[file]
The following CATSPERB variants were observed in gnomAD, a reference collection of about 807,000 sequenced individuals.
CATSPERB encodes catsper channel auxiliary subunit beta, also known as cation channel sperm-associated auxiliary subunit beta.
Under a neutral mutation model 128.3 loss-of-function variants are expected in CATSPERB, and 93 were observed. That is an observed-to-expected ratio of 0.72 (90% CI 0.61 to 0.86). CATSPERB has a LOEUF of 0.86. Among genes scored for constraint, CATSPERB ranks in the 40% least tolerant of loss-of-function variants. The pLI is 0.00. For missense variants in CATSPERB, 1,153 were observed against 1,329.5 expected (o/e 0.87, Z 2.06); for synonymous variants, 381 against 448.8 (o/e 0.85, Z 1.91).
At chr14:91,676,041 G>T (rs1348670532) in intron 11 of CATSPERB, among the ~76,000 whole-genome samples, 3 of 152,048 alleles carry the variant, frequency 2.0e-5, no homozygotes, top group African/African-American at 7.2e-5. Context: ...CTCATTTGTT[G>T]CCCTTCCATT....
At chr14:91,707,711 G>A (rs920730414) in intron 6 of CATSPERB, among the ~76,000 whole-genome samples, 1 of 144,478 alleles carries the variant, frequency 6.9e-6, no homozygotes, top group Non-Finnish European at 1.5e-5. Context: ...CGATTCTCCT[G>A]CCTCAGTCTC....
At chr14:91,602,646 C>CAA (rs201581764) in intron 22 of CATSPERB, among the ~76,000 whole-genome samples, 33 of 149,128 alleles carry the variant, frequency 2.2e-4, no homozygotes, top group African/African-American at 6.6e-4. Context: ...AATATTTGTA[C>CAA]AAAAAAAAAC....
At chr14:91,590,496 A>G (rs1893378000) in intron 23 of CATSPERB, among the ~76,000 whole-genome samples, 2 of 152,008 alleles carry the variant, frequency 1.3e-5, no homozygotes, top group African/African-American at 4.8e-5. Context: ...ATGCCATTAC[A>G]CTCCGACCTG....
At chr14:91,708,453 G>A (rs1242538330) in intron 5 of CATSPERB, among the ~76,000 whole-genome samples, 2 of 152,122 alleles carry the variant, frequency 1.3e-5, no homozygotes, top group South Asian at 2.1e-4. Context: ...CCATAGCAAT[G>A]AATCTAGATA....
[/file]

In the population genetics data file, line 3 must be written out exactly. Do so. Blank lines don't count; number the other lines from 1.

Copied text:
Under a neutral mutation model 128.3 loss-of-function variants are expected in CATSPERB, and 93 were observed. That is an observed-to-expected ratio of 0.72 (90% CI 0.61 to 0.86). CATSPERB has a LOEUF of 0.86. Among genes scored for constraint, CATSPERB ranks in the 40% least tolerant of loss-of-function variants. The pLI is 0.00. For missense variants in CATSPERB, 1,153 were observed against 1,329.5 expected (o/e 0.87, Z 2.06); for synonymous variants, 381 against 448.8 (o/e 0.85, Z 1.91).